Have a wonderful Easter and enjoy coloring eggs with your children, family, and friends. And if you have friends who raise chickens, they may be willing to share some naturally colored eggs with you! I hope you like the Old Fashioned Deviled Eggs recipe and that it becomes a tradition in your family like it is in mine!
Did you enjoy this article and recipe? Let me know in the comments, I love hearing from you!
How To Cook Eggs on the Stove:
Bring a pot of water to a low boil. Using a slotted spoon, gently lower the eggs into the water until the bottom is filled with a single layer. Bring back to a boil then reduce the heat to hold the water at a simmer and cook 10 minutes. Then use the slotted spoon to transfer the eggs to a large bowl of water with ice cubes and let soak until cool to the touch. To peel, gently roll the egg with the palm of your hand across the counter to break up the shell and make it easier to peel.
How To Cook Eggs in an Instant Pot:
Place a rack in the bottom of the inner pot of your 6-quart Instant Pot and pour in 1 cup of cold water. Set the eggs on the rack, stacking them if you want to cook more at once. Cook on High heat for 6 minutes, let the pressure naturally release for 5 minutes, then release the remaining pressure. Carefully remove the lid and transfer the eggs to a bowl of ice water and chill for 5 minutes. Perfect eggs every time!
Key Ingredients for Old Fashioned Deviled Eggs:
- Hard boiled eggs, mayonnaise, softened butter (optional)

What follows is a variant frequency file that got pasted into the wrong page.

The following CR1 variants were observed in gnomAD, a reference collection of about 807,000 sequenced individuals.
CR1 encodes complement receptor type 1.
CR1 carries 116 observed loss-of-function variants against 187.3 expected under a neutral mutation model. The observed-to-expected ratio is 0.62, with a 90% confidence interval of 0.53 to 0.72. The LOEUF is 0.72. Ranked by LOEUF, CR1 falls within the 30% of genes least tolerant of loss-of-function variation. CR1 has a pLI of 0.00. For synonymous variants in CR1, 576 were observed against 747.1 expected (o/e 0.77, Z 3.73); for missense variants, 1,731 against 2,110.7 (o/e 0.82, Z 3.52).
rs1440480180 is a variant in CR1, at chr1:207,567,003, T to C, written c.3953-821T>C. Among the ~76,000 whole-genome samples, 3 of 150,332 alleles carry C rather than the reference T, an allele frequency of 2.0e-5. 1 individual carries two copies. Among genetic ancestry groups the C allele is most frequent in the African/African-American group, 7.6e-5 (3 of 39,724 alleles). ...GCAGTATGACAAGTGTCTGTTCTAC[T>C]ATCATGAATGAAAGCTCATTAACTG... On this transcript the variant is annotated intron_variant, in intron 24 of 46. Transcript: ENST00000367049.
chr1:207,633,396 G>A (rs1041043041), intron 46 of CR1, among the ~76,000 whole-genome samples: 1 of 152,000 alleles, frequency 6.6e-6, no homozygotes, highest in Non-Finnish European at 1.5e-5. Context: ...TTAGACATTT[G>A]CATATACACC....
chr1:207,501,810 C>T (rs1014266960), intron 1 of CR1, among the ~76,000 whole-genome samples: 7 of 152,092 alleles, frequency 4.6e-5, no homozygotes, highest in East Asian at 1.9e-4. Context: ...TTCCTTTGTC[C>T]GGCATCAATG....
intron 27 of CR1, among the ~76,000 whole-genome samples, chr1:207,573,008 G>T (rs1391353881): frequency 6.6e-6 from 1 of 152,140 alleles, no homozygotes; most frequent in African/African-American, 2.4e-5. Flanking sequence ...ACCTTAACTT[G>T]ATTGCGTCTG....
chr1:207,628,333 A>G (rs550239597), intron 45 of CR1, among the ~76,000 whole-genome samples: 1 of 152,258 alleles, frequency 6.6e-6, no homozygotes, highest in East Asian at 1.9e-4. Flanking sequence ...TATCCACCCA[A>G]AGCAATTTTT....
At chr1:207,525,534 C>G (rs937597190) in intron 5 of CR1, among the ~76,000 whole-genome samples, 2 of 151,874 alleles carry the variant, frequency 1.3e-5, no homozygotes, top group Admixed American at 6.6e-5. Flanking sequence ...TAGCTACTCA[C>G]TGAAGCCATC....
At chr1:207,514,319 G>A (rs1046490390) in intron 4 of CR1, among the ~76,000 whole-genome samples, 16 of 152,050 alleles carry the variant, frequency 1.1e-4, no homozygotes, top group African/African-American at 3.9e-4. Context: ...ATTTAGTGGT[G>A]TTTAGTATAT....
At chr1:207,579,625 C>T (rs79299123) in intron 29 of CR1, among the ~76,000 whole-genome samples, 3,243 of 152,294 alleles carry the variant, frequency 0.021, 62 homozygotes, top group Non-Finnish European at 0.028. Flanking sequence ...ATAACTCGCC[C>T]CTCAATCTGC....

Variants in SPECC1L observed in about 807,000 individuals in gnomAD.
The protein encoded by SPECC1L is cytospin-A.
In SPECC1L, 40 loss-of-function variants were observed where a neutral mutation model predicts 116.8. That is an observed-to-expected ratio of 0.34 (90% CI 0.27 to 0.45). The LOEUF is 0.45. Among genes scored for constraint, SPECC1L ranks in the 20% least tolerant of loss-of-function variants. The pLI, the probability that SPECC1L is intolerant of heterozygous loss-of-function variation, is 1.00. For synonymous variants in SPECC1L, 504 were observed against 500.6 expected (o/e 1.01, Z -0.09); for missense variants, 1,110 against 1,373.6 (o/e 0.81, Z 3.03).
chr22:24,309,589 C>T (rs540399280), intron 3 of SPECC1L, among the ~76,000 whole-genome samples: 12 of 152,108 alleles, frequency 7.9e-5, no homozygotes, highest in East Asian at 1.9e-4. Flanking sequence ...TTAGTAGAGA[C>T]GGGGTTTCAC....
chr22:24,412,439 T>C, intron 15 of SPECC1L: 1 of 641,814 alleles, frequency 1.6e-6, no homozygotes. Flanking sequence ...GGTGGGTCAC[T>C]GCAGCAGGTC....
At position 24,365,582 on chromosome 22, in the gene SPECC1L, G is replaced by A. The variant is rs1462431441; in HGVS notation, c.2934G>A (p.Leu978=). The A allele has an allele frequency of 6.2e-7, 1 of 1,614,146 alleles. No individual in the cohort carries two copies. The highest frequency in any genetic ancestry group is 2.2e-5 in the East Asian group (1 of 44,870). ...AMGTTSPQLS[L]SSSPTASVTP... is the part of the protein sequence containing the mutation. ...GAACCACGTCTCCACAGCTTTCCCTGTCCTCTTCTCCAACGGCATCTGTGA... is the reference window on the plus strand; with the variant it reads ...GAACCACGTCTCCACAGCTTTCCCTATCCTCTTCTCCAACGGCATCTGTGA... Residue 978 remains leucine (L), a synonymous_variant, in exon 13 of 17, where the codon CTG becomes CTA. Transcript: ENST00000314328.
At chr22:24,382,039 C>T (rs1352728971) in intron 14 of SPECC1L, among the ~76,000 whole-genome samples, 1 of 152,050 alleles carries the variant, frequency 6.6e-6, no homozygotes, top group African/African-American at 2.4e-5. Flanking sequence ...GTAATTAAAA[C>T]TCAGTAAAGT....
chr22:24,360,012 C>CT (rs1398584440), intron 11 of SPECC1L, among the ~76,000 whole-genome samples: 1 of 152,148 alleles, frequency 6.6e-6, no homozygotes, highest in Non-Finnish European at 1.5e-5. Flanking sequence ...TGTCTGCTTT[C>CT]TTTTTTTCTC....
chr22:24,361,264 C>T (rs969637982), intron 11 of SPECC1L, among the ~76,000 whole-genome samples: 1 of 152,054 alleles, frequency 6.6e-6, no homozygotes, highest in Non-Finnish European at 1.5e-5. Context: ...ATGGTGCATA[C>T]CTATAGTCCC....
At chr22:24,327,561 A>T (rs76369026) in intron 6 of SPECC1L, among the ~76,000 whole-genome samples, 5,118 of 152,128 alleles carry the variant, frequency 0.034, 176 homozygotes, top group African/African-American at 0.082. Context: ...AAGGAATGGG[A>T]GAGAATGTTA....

- Spicy brown mustard, salt and freshly ground pepper, paprika
Whenever you are serving food, garnishes on the plates should be edible and have something to do with the recipe. In the case of deviled eggs, placing something on the top of the finished eggs will let your guests know what you have added. For example, if you mix chopped shrimp into the yolks, top the egg with a small bay shrimp. If you use dill, place a small sprig of dill on the top. If you are making several different styles on one tray, this helps your guests identify which is which.
How to make Old Fashioned Deviled Eggs:
- Cook and cool the eggs, then peel and rinse under cool water; slice in half lengthwise and pop the yolks into a bowl
- Mash the yolks with a fork until fairly smooth, then mix in the mayonnaise, butter (if using), mustard, salt, and pepper to taste until completely smooth
- Transfer the yolk mixture to a piping bag fitted with a large star tip or you can use two spoons to scoop the filling into the indentation in the whites; sprinkle with paprika, cover, and refrigerate until ready to serve
If you have access to farm fresh eggs, there are hens that lay beautiful naturally colored eggs. They can come in shades of tan, green, and blue. Filling a basket with those is just as lovely as dyed eggs and there is no mess or smell from dying. If you can’t find those, decorating with a mix of white and brown eggs is also an option that I love. Add some brightly colored flowers to the baskets and the simplicity of the eggs is charming.
Recommended Tools (affiliate links; no extra cost to you):
- Saucepan or Instant Pot
- Chef’s knife
- Cutting board
- Mixing bowls
- Piping bags
- Large piping tips
When you hard-boil eggs, the yolks are often close to the edge. This makes the white on that side very thin and easy to tear. There is a trick to getting the yolks to stay in the center of the whites. The night before you plan on cooking them cut the lid off the egg carton and set the eggs on their sides on top of the cups in the bottom half of the carton. The yolks tend to settle in the center and then if you carefully transfer them to the pan of water, they are more likely to have perfectly centered yolks when cooked. Another trick is to gently stir them often while they are cooking, helping to keep the yolks in the center.